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October 2, 2015

Holy New Martyr George the Sandalmaker from Philadelphia (+ 1794)

St. George the Hatzis (Feast Day - October 2)


You slaughtered the enemy, wherefore you were beheaded by the sword,
And you were allied with the Angels, O George.

Saint George, also known as Hatzi-George, was born to Christian parents in Philadelphia of Asia Minor. As a young man he learned the craft of sandal making, whereupon he moved to the village of Karacasu in the province of Heliopolis where he opened a little shop.

One night, while he was out celebrating with friends, one of them became drunk, fell from a great height and died. According to the local law, a fine was levied in such instances and every Christian present was required to contribute his share of the fine because of the death. George, however, flatly refused to pay his share, contending it was an injustice for one to pay without it being one's fault.

Brought before the judge, George was asked why he did not pay his share. He hastily answered, "Do you have authority to force Muslims to pay a fine when infidels (non-Mulsims) are killed?"

Hearing this, the astounded judge asked George, "And what are you?"

Blinded by anger, George foolishly answered, "I am a Muslim," and at that very moment asked to be circumcised and initiated into the Muslim faith.

Later George deeply regretted his betrayal of Christ, and for the sake of his salvation went to Mount Athos, confessed his sin, was chrismated back into the Orthodox Church, and lived in repentance and asceticism for a period of time.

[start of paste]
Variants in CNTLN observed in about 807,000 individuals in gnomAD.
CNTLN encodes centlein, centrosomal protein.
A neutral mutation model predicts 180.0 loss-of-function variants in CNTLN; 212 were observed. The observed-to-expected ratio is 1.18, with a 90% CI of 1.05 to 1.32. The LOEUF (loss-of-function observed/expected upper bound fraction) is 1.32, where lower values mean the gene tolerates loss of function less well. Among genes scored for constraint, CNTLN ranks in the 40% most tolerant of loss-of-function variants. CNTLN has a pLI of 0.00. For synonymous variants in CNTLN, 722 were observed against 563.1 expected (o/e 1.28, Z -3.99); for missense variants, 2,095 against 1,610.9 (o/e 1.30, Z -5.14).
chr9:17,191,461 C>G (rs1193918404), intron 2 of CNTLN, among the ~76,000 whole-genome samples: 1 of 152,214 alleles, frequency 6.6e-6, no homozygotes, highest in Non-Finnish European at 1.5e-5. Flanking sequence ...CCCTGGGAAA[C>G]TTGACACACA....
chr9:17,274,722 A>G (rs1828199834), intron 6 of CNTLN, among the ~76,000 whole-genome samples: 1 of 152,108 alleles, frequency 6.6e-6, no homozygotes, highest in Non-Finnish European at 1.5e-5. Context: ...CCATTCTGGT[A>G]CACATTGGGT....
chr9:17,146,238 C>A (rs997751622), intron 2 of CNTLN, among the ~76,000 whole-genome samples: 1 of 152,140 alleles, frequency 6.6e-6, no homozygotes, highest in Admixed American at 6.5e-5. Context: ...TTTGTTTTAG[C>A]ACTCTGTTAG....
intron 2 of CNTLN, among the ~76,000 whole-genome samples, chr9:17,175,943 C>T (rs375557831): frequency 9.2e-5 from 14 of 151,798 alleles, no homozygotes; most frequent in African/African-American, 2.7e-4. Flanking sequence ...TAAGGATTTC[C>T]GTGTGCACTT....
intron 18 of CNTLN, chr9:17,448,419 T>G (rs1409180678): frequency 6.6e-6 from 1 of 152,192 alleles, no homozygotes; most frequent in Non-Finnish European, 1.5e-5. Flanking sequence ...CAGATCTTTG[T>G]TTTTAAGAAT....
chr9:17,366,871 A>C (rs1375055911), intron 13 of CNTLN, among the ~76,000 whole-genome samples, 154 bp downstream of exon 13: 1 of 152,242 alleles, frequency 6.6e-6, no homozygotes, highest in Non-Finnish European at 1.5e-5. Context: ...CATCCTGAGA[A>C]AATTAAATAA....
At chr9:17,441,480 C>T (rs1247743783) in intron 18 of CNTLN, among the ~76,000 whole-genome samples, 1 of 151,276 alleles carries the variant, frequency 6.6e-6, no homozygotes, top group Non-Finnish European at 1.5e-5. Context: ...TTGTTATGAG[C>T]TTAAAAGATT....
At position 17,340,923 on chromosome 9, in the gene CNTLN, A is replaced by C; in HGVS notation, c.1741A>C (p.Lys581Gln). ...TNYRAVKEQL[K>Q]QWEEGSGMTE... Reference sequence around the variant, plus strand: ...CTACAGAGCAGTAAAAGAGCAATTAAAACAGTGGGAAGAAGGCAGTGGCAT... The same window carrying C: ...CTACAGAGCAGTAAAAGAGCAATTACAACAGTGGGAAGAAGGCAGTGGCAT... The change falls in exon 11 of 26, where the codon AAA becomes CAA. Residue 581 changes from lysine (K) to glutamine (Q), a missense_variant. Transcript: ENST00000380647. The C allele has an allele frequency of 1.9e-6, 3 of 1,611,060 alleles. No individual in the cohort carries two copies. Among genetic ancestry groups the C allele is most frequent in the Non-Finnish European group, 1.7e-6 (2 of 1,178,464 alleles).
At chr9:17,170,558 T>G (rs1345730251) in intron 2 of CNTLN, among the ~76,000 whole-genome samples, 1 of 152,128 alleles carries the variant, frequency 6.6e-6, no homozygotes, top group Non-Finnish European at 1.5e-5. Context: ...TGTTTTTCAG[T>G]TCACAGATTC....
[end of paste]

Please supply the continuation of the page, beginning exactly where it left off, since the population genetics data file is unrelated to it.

Yet this did not satisfy George, whose soul was tormented for his denial, for day and night he kept remembering the words of Christ, "Whoever denies Me before men, I too will deny him before My Father" (Matt. 10:33). After desperately seeking the advice of various fathers, he decided to return to his village of Karacasu.

In Karacasu, George was immediately recognized by some Muslims, who brought him before the judge for returning to Orthodoxy based on how he dressed. George confessed his error of abandoning his faith in Christ "which is good and pure gold", for Islam which is "counterfeit" and "copper". And he explained that he returned to "shed my blood for the love of my Christ."

After the judge tried to persuade George to change his mind, and was unsuccessful, he was cast into prison for eight days and beaten very severely and most cruelly. They stretched his legs to the point that they were almost torn apart. They tied a tourniquet around his head and squeezed it to the point that his eyes almost popped out of their sockets. No pain, however, could make George abandon Christ ever again. His only desire was to die an Orthodox Christian.

Finally, after being unable to weaken the resolve of the athlete of Christ George, the judge sentenced him to be beheaded on October 2, 1794 (according to Otto Meinardus, it was 1752).